Samsung UN32D5500 LED LCD HDTV Review$699.00
Blacks & Whites
- Black Level
- Peak Brightness
- Tunnel Contrast
- White Falloff
- Greyscale Gamma
The Samsung UN32D5500 produced great black levels, as low as 0.07 cd/m2. That compared quite favorably to the three TVs we pulled in for competition, as you can see from the chart below. True, it's not quite as deep as the other Samsung and a similar Sony, but all these TVs did far better than the JVC BlackCrystal model. More on how we test black level.
The Samsung UN32D5500 offers very bright whites. It will have no trouble competing against the ambient light in a sunny room. At best, the TV can get as bright as 208.06 cs/m2. More on how we test peak brightness.
Take the brightness and divide by the black level and there you have the contrast ratio. According to our test results, that would give the Samsung UN32D5500 a contrast ratio of approximately 4401:1. That may seem small compared to the purported "Dynamic Contrast" ratio of 3,500,000:1, but we can assure you that there's a lot of nonsense and fairy dust behind that number. Our calculation is much closer to what you'll actually see. More on how we test contrast.
The tunnel contrast measures how well a TV maintains a consistent black level, regardless of how little or how much black content is on the screen. Fortunately, the Samsung UN32D5500 has no problems in this regard. More on how we test tunnel contrast.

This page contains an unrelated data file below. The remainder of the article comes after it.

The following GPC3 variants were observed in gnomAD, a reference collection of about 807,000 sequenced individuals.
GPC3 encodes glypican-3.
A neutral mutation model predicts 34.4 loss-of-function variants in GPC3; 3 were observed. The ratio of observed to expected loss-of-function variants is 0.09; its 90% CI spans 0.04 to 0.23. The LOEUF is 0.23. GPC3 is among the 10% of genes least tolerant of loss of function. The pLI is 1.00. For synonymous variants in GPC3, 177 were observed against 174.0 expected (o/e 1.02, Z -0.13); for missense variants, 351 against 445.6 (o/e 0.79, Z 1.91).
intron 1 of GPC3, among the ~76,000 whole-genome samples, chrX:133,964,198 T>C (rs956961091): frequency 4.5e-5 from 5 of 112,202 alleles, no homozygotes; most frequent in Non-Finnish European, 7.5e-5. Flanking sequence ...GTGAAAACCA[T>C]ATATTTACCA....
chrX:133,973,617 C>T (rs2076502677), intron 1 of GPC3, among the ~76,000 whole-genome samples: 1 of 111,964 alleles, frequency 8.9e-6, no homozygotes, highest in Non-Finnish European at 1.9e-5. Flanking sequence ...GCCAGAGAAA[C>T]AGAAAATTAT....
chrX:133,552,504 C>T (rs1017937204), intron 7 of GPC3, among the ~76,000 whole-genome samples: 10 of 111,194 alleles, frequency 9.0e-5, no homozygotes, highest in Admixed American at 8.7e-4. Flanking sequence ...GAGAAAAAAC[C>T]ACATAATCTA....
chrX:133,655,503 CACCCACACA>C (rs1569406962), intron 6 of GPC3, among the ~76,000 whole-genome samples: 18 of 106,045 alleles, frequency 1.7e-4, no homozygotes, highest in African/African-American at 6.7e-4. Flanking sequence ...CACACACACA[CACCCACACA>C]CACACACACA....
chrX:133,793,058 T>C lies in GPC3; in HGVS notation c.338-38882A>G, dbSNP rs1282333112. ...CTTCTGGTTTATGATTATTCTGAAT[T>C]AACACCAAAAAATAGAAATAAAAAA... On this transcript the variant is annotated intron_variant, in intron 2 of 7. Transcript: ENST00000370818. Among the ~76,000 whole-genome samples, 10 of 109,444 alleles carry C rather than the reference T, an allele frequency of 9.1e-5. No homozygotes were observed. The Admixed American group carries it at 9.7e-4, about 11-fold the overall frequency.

The reverse of the test above, we see how well a TV maintains consistent peak whites. Again, the Samsung UN32D5500 had no problems here. Typically, LCDs do well in both the Tunnel Contrast and White Falloff tests, while plasmas frequently have problems. More on how we test white falloff.
The Samsung UN32D5500 is an LCD television that uses LED backlighting, rather than the older CCFL bulbs. On the plus side, LEDs allow the panel to be made thinner and more power efficient. One of the potential downsides is that LEDs do not always illuminate the screen evenly, as was the case here. In certain scenes, like a mostly-black or all-black screen, you can see a certain blotchiness of lighter patches. It's not pretty, but you probably won't see most of the time. More on how we test white falloff.
The greyscale gamma measures how well a TV transitions from black to white within the greyscale. We're looking for smooth gradients and a slope that falls, ideally, between 2,1. and 2.2. As you can see in the chart below, the Samsung UN32D5500's response curve is smooth enough, except for that little hiccup in the lower left portion of the line. That indicates that there's going to be some minor issues in the darkest stretches of the shadow details. The slope of the curve measured 2.49. That's a bit steep. Overall, though, the Samsung performed well. More on how we test greyscale gamma.